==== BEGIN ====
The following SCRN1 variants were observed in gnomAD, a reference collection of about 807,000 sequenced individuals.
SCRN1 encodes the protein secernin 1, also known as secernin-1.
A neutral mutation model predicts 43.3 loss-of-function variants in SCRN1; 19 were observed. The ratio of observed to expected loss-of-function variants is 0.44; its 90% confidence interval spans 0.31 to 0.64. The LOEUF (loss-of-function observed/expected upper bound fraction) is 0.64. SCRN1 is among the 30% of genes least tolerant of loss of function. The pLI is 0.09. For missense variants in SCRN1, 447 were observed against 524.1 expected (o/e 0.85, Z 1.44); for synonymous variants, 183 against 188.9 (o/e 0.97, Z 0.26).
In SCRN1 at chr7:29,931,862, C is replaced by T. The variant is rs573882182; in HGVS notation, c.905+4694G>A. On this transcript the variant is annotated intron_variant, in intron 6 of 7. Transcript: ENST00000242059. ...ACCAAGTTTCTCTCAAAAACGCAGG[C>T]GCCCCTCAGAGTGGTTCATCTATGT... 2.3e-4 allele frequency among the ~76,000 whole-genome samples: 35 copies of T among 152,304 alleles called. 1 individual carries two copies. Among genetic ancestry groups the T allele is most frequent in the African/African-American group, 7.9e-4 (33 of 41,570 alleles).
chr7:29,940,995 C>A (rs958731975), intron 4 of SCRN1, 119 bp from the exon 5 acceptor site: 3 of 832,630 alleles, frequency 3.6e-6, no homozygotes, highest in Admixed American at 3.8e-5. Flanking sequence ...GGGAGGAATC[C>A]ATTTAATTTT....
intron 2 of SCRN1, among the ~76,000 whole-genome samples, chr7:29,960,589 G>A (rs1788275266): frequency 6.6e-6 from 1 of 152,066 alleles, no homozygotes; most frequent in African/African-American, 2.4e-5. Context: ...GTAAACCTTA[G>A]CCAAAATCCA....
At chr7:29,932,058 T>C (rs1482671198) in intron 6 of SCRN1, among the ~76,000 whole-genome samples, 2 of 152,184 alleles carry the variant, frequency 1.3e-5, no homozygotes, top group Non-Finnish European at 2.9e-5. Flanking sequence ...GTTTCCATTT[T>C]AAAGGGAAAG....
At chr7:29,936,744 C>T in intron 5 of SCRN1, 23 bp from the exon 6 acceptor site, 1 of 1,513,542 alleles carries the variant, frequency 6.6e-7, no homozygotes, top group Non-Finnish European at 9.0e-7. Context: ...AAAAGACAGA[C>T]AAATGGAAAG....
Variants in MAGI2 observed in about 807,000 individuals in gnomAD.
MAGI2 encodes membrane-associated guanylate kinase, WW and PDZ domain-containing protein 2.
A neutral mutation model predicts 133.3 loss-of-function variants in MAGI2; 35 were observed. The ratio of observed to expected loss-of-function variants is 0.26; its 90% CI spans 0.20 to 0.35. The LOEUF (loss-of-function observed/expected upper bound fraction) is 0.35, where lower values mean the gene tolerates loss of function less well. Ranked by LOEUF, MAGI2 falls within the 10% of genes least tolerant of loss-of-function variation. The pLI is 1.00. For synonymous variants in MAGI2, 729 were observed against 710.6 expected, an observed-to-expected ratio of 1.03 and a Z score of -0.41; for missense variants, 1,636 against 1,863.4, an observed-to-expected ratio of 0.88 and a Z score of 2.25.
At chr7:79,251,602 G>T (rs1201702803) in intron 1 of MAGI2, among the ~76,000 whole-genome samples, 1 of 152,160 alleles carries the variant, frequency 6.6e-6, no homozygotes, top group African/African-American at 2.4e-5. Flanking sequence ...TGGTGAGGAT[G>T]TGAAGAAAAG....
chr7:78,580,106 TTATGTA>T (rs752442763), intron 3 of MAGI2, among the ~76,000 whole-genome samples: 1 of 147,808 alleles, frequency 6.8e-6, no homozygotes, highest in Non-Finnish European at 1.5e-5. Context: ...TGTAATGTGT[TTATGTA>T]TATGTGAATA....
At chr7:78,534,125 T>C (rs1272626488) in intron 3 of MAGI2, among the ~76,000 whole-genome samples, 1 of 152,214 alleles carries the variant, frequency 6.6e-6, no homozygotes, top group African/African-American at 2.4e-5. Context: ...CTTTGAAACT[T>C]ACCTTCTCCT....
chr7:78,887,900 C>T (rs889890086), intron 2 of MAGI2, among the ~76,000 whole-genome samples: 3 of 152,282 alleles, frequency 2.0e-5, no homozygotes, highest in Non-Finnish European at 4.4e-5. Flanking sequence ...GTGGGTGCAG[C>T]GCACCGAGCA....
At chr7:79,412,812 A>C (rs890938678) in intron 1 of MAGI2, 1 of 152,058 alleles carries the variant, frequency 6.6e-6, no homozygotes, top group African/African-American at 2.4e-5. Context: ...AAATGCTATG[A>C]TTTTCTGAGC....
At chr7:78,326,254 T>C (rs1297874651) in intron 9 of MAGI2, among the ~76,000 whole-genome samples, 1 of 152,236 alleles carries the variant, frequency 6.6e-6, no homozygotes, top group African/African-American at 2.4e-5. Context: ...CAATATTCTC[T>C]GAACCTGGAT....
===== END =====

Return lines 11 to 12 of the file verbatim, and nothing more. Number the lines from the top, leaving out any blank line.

A neutral mutation model predicts 133.3 loss-of-function variants in MAGI2; 35 were observed. The ratio of observed to expected loss-of-function variants is 0.26; its 90% CI spans 0.20 to 0.35. The LOEUF (loss-of-function observed/expected upper bound fraction) is 0.35, where lower values mean the gene tolerates loss of function less well. Ranked by LOEUF, MAGI2 falls within the 10% of genes least tolerant of loss-of-function variation. The pLI is 1.00. For synonymous variants in MAGI2, 729 were observed against 710.6 expected, an observed-to-expected ratio of 1.03 and a Z score of -0.41; for missense variants, 1,636 against 1,863.4, an observed-to-expected ratio of 0.88 and a Z score of 2.25.
At chr7:79,251,602 G>T (rs1201702803) in intron 1 of MAGI2, among the ~76,000 whole-genome samples, 1 of 152,160 alleles carries the variant, frequency 6.6e-6, no homozygotes, top group African/African-American at 2.4e-5. Flanking sequence ...TGGTGAGGAT[G>T]TGAAGAAAAG....